TikTok could face a fine of up to £27 million ($29.3 million) following a probe by the UK privacy watchdog into how it handles data belonging to children. In its preliminary findings, published Monday, the Information Commissioner's Office said that the company may have breached UK data protection law by failing to protect the privacy of children using its platform.
In a notice of intent sent to TikTok, the ICO said that between May 2018 and July 2020 the company may have processed children's data without parental consent. Further potential failures include not providing clear and transparent information to users, and processing sensitive data illegally.
TikTok is far from the only company under scrutiny for the privacy protections afforded to children. The ICO is looking into how 50 different online services conform with the UK's Children's Code, and has six open investigations into companies it thinks haven't taken their responsibilities seriously enough. The UK's scrutiny of digital companies, including via the ongoing introduction of the Online Safety Bill, are all part of a wider push from countries around the world to step up regulatory efforts to provide children with better protections as they make use of the internet.
"We all want children to be able to learn and experience the digital world, but with proper data privacy protections," said Information Commissioner John Edwards in a statement. "Companies providing digital services have a legal duty to put those protections in place, but our provisional view is that TikTok fell short of meeting that requirement."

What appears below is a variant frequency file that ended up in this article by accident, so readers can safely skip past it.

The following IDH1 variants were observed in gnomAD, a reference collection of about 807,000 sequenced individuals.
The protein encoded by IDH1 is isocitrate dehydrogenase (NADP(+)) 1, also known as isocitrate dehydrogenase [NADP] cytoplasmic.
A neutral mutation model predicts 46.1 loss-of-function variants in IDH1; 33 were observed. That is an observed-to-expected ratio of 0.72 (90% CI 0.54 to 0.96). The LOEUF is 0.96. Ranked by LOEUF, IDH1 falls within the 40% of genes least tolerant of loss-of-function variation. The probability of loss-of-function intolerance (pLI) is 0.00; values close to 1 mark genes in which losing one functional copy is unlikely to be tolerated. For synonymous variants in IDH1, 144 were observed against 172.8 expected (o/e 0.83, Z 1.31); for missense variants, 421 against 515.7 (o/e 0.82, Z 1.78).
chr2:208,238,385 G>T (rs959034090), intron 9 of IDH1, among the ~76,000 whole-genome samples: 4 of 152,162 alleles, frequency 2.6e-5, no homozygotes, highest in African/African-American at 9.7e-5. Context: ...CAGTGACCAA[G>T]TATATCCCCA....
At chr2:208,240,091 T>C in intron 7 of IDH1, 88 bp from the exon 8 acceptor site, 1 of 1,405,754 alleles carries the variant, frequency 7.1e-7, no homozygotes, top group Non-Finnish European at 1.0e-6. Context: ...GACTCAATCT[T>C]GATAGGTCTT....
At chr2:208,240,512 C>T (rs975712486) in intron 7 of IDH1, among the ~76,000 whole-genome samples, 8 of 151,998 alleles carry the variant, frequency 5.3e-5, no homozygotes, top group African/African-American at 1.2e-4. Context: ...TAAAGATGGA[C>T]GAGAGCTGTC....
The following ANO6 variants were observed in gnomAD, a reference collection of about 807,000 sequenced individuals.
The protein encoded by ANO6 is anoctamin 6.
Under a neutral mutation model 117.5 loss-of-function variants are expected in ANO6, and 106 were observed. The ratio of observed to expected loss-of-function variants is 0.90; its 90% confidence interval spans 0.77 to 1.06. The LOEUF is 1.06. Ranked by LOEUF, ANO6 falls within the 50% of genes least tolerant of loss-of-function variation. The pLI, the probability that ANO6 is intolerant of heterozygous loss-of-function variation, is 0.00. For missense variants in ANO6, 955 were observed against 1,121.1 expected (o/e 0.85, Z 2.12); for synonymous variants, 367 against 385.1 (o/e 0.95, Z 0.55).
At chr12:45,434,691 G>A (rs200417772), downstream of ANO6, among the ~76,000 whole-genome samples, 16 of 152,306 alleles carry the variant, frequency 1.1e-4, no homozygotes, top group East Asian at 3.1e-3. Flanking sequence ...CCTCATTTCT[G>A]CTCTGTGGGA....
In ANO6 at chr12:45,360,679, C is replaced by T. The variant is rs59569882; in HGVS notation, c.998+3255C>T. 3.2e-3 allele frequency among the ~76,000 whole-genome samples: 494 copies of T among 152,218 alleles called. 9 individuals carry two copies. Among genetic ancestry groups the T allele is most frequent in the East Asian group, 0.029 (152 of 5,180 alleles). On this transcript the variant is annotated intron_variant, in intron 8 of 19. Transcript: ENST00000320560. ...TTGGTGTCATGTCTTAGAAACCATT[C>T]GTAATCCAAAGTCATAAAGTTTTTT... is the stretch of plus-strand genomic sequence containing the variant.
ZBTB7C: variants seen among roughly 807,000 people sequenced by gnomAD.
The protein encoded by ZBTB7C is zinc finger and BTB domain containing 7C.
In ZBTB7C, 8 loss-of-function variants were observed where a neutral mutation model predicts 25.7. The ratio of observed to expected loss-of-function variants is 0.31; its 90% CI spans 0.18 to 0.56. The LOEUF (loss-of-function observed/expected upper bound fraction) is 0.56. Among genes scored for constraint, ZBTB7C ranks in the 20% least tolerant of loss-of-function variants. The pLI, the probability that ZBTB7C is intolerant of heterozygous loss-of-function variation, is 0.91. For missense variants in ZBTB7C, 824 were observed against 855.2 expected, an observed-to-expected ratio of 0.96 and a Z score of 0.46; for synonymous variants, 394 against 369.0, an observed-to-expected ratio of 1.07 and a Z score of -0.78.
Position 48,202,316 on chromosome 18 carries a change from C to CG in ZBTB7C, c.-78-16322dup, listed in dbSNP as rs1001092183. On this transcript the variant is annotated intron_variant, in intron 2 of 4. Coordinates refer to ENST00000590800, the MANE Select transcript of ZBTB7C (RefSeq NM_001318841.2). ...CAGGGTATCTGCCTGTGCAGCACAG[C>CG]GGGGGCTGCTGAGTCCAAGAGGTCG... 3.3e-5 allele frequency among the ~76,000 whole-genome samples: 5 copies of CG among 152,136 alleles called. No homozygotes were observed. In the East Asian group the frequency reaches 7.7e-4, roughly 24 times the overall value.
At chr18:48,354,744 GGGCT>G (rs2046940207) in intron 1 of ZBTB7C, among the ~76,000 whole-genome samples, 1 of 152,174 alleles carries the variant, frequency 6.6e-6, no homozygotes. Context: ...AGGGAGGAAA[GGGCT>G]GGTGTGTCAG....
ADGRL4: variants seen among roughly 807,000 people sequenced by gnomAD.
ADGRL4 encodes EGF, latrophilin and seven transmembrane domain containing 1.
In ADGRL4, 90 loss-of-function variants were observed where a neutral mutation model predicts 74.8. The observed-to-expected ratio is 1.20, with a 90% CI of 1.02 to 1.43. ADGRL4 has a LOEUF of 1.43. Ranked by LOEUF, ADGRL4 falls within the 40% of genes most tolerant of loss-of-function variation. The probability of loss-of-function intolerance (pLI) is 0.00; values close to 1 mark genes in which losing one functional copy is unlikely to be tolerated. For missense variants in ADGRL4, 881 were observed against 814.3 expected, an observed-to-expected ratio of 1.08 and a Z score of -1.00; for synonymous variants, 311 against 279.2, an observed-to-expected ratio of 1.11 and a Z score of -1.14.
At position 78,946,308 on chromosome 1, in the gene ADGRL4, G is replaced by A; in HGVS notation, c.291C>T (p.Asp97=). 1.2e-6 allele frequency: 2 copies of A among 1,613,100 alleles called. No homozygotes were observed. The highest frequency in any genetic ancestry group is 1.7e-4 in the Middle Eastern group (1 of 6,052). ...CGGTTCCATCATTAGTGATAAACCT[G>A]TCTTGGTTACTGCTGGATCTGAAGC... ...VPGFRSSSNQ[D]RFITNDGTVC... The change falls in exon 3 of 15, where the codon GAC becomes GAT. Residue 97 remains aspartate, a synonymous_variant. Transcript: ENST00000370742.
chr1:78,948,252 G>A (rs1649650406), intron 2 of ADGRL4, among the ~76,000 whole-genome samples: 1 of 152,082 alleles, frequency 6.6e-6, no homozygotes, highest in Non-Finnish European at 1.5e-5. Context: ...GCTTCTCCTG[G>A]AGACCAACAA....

A spokesperson for TikTok noted in a statement that the ICO's findings were provisional, meaning no final conclusions can be drawn at this time. "While we respect the ICO's role in safeguarding privacy in the UK, we disagree with the preliminary views expressed and intend to formally respond to the ICO in due course," they said.
The ICO said it would consider any points TikTok had to make before issuing a final decision over whether to go ahead with the fine. "I've been clear that our work to better protect children online involves working with organizations but will also involve enforcement action where necessary," said Edwards.